We work with industry practitioners to define the current needs. For example, there is currently a need for young life insurance underwriters. We develop the curriculum with experienced industry experts so that the learning can be delivered by the same experts sharing their war stories and practical skills. So far, more than 200 of the best people in the industry have shared their knowledge with those far less experienced than them, who are generally not even from the same company.
To reach a wider audience, we have started a YouTube campus where our presenters distill their two-hour presentations into five-minute videos that can be viewed free via our website. So in time, anyone anywhere can watch a fairly complex financial subject being explained succinctly and eloquently. Linked to this, I am convening a TEDx event (“Ideas Worth Spreading”) for innovative educators called “TEDxCapeTownEd” on June 16. We have 19 of the most exciting people in South African education spreading their ideas, each for 12 minutes. Now that idea gets me very excited.
Needs of Education
As civil society and government, we’ve got to be walking together on public sector education. There’s no shortage of money in education. On per-capita spend as a percentage of GDP, our government is right up there with the big spenders internationally, and the private sector is playing a huge role, too. The real challenge is people. Those who can make the tough decisions, be accountable to their communities, and lead into that space.
We all know the blunt weapon that is matric results. Perhaps a more sobering global benchmark is The Trends in International Maths and Science Study in 2003 which showed South Africa coming last by a long shot, and we’ve subsequently withdrawn from the survey. Our emphasis must increasingly shift to early childhood development, as high and even primary school is too late for many kids.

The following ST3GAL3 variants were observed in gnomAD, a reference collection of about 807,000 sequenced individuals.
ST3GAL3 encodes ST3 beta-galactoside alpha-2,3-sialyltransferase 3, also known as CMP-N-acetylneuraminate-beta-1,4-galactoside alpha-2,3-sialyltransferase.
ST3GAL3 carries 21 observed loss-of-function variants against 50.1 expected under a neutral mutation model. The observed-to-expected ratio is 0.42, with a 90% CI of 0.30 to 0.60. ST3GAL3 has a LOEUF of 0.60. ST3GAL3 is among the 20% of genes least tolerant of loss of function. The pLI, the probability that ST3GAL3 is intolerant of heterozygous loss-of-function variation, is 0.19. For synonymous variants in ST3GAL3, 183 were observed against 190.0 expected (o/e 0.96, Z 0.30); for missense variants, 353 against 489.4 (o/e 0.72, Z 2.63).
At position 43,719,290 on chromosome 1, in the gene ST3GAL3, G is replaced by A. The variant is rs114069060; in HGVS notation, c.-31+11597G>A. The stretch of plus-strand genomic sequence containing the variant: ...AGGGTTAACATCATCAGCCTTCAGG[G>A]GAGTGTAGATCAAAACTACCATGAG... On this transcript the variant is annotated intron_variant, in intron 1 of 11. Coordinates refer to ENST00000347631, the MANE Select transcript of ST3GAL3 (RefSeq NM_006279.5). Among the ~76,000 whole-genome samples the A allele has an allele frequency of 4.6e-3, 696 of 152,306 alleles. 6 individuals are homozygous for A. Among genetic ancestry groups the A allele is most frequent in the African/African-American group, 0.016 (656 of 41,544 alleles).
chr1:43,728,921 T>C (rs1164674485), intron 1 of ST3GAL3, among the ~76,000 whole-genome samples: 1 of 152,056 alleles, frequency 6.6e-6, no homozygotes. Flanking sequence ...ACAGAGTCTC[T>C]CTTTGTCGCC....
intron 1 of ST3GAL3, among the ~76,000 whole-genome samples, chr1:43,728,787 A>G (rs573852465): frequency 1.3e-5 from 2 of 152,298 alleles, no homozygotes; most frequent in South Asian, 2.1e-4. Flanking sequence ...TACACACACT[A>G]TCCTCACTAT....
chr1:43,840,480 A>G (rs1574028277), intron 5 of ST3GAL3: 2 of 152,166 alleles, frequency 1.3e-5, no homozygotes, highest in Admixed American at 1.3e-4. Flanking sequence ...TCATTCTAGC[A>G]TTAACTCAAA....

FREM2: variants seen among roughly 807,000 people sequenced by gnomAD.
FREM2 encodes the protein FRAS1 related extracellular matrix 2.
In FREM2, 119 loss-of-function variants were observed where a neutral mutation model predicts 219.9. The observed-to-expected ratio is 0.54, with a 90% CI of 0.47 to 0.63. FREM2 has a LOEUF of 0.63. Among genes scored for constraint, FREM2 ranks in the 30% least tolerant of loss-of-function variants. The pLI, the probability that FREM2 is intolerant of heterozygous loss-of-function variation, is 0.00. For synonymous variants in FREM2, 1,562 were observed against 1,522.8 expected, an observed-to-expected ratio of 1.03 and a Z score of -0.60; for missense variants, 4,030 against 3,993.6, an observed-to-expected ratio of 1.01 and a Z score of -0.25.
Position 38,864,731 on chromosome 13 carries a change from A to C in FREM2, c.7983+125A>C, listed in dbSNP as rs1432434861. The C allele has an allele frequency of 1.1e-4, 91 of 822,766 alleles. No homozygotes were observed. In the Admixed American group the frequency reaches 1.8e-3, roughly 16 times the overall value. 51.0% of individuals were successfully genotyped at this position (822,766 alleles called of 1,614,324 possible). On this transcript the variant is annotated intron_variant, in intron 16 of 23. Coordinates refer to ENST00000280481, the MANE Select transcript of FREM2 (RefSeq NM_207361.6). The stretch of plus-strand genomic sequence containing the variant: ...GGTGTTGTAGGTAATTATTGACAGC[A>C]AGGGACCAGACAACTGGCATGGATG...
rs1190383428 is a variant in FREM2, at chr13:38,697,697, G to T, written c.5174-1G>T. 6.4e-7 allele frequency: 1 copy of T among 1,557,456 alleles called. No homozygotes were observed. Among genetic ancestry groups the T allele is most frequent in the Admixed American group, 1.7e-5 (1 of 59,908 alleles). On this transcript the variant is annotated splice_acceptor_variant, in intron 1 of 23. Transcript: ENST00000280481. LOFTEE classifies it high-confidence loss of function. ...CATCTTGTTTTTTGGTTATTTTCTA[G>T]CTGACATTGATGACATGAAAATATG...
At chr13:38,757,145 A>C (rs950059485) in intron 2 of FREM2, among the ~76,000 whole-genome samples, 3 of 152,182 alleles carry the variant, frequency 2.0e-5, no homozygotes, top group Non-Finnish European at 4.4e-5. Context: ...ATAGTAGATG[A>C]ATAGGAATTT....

Are you a Leader?
Yes, I am a leader. Because I’m making more decisions to lead where I see need, and, to my surprise, I’m finding that there are many people who I would expect to lead me who are willing to follow. Our country is crying out for authentic, accountable servant-hearted leaders, especially in education. I’m prepared to take the risk to do that, by making myself vulnerable and taking on that responsibility.
Are you hopeful?
Absolutely! I’m a patient optimist. I’m learning Xhosa at the moment. The next 20 years for Africa look more exciting than any of the last 300, and I want to be here for that.
l To find out more about the work that Terence does, visit: www.asisaacademy.org.za
For more information on TEDxCapeTownED, visit www.tedxcapetowned.org
l Nurse is a freelance journalist and founder of Laugh out Loud